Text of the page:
In schools that dedicate time for social and emotional learning, teachers across all content areas might share a common SEL course. For example, all 9th grade teachers (social students, mathematics, physical education, etc.) have a 9th grade homeroom or advisory group. In these instances, collaborative planning can yield effective curriculum that fits the needs of the particular school setting – without significantly adding to teacher workload. However, collaborative planning time can be hard to come by. Meeting a few times over the summer break can ease the burden of planning for SEL instruction and elevate the quality of SEL lessons.
When Tom and I have invested in collaborative SEL planning time, we’ve found the following steps extremely helpful:
- Begin with a short list of 4-7 clearly stated positive character traits that you feel are essential for your students’ success. The field of positive psychology offers many suggestions for character strengths and virtues. You can even take a free survey that estimates your own character strengths.
- Write learning targets for each trait. For example, for perseverance, “I can keep trying.”
- Write short-term supporting targets for each trait. One of our perseverance supporting targets is, “I accept feedback and revise my work and thinking.”
- Work with your team to determine a routine for your SEL lessons. A consistent format normalizes learning for students and facilitates shared planning. Tom and I have adapted the morning meeting and circle of power and respect routines from Origins, a favorite SEL professional development powerhouse.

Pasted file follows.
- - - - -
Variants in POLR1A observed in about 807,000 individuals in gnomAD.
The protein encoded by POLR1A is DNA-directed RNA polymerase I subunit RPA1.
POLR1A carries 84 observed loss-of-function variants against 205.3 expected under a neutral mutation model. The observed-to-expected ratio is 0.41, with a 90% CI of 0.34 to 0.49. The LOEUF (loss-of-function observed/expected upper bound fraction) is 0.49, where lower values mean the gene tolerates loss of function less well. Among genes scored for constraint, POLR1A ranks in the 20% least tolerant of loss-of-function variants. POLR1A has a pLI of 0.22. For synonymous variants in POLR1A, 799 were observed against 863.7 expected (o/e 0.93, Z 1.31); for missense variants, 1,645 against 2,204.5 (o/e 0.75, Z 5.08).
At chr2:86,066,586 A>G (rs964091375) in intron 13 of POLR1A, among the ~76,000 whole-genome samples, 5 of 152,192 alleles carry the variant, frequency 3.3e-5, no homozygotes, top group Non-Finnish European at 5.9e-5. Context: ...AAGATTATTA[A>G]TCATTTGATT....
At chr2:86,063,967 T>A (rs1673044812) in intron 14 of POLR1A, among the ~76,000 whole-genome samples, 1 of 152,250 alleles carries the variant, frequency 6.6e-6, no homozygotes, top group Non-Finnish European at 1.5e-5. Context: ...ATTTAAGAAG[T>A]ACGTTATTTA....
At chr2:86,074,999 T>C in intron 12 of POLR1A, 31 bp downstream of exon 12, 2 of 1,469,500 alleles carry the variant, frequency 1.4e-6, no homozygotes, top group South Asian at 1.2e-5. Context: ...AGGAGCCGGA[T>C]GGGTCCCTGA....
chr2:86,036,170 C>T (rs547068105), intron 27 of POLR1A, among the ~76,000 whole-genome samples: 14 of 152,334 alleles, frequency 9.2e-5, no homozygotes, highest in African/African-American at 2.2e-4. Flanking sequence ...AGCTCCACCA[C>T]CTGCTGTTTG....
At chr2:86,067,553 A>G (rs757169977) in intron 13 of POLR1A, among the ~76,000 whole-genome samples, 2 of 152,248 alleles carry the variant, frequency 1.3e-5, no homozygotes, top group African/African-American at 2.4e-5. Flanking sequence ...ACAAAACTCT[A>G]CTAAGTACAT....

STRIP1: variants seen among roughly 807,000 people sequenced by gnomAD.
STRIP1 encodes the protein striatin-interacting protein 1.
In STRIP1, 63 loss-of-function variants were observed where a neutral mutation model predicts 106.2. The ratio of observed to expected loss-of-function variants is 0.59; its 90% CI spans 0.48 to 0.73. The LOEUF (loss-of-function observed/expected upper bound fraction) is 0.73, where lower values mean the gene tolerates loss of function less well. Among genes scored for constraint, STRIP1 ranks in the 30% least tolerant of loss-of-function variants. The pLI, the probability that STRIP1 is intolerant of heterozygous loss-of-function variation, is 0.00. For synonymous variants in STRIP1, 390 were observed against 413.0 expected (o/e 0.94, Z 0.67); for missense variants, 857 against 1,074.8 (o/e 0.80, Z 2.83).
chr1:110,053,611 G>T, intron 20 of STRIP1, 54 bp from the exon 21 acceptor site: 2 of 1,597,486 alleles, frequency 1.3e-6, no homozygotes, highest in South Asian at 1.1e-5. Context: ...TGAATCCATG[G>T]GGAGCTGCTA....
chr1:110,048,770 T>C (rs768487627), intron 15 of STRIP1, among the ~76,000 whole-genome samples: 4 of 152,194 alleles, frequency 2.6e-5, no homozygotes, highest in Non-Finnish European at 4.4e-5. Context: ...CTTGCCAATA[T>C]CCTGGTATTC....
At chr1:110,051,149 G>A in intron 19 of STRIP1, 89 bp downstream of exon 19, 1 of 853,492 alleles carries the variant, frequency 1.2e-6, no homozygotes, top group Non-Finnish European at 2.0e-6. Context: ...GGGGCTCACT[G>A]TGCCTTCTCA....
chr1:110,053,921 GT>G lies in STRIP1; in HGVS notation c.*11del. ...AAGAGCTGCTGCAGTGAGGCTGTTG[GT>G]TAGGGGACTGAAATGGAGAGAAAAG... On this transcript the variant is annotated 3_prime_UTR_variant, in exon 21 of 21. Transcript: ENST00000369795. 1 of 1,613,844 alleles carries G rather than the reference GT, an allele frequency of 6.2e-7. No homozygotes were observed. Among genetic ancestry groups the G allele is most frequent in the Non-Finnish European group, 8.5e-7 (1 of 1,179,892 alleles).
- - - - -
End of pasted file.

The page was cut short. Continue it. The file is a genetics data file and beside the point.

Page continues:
- Divide and conquer. Have each member of your team write a handful of SEL lessons.
- Provide your lesson library to every teacher who will be leading an SEL class, even if they didn’t attend the planning sessions. Ask for time during opening week to explicate your plan to the larger teaching team so everyone understands the resource you’ve created.
- We like Google Docs for maintaining an accessible digital library of our SEL lessons. After a few years, you will have a vast resource to keep your program’s momentum going.
When I have trouble getting started, I browse Origins’ online library of games, which I find very adaptable for developing meaningful initiatives (see Tom’s post on the value of the debrief for more on the difference between games and initiatives). Tom uses the Creative Whack Pack to spark his imagination. But for both of us, the best technique for overcoming writers’ block is a good conversation with our SEL team. Many hands make light work.